Take a look at this video. Watch what Mr Michael does with his hands right before he starts playing.
Did you see it? He was deciding where to put his hands. Because he had no idea where on the keyboard he wanted to start playing.
Two weeks before this concert, the director called and asked Mr Michael to perform. A week later, he called again because the programs were going to press and Mr Michael hadn't provided a title. Thinking fast, Mr Michael said, "Uh... snowfall?" The director said, "Great!" and that was the way the piece appeared in the program.
Five minutes before playing, Mr Michael still had no idea what he wanted to play. Snowfall... snowfall... hmm... So Miss Mary leaned over to him and whispered, "Just create a landscape, then cover it with snow."
So that's what he did. And at Cool Conservatory, we can teach you to do the same, starting with your existing skill set and building from there. It's not magic. It just looks like magic.
Improvisation... or, making it up as you go
Reading Chords, Comping, and Jamming
A day will come when you are asked to accompany a singer or other soloist. Or you'll decide to start a band. Or you'll want to earn some money over summer vacation playing keyboard on the street outside the local ice cream parlor.
At this point, chord symbols (or their cousin, the Nashville Number System) generally enter the picture. Unless you and your bandmates are reading from a fully notated score, all the rhythm section instruments -- keyboards, piano, guitar, and bass -- all read from lead sheets. Look to your left. That's a lead sheet.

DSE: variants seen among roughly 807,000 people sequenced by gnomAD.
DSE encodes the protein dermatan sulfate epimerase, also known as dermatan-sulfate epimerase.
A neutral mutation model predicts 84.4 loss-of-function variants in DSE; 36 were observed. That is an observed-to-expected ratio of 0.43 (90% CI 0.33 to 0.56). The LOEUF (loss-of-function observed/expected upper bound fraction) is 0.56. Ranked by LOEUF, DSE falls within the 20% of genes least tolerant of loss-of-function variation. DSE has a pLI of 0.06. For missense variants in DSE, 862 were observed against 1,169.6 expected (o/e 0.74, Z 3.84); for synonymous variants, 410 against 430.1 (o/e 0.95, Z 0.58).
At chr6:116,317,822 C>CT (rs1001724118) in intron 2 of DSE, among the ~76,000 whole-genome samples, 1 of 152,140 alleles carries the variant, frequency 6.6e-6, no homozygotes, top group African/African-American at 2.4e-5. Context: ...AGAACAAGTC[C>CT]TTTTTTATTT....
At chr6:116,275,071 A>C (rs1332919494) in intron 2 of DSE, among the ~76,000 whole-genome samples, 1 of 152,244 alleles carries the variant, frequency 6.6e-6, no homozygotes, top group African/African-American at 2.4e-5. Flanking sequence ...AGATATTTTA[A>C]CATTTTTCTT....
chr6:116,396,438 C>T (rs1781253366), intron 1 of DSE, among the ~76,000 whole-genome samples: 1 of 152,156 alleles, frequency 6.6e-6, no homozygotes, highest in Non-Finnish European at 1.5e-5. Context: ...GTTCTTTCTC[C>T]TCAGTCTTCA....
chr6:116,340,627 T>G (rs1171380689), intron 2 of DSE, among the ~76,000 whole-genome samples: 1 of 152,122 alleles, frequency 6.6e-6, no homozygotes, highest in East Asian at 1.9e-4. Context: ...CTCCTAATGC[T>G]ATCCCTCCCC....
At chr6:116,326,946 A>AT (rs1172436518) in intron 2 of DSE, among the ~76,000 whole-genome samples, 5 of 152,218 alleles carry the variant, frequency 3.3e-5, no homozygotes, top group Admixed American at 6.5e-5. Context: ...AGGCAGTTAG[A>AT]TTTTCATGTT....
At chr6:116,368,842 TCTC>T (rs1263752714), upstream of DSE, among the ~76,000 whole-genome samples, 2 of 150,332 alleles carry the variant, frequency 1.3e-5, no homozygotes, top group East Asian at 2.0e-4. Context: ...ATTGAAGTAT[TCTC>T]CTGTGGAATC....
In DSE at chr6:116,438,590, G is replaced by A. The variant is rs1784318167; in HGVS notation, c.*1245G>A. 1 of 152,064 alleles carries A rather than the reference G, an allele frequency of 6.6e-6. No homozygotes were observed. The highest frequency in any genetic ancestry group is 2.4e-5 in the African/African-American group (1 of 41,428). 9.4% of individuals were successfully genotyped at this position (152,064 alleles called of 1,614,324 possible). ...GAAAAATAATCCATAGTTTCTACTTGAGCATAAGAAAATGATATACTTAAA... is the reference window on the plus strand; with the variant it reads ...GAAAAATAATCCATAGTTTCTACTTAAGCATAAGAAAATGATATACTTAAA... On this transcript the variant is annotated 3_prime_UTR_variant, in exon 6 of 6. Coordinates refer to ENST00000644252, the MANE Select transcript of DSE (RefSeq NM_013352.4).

It contains a melody line (the "lead," hence the name) and chord symbols. Maybe a one-word description of the required style. A keyboardist will generally play the melody and the chords with their right hand, while generating a bass line with their left. A guitarist will play the indicated chords in an appropriate rhythm pattern. A bass player will use the "chord scales" s/he knows will suit the chords.
If you want to accompany ("comp") a soloist, you'll need to follow those chords precisely so you don't throw off the lead. If you're playing with a band ("jamming"), you'll all need to follow the same chords... unless you want to sound like one of those bands who specialize in sounding like they don't know what they're doing. And if you're playing tunes outside the ice cream parlor, and somebody requests "Piano Man," you'll want to be able to whip out your lead sheet and have at it.
Yes, it's both teachable and learnable. At Cool Conservatory, we'll show you how. Again, it's not magic. It just really really looks like magic.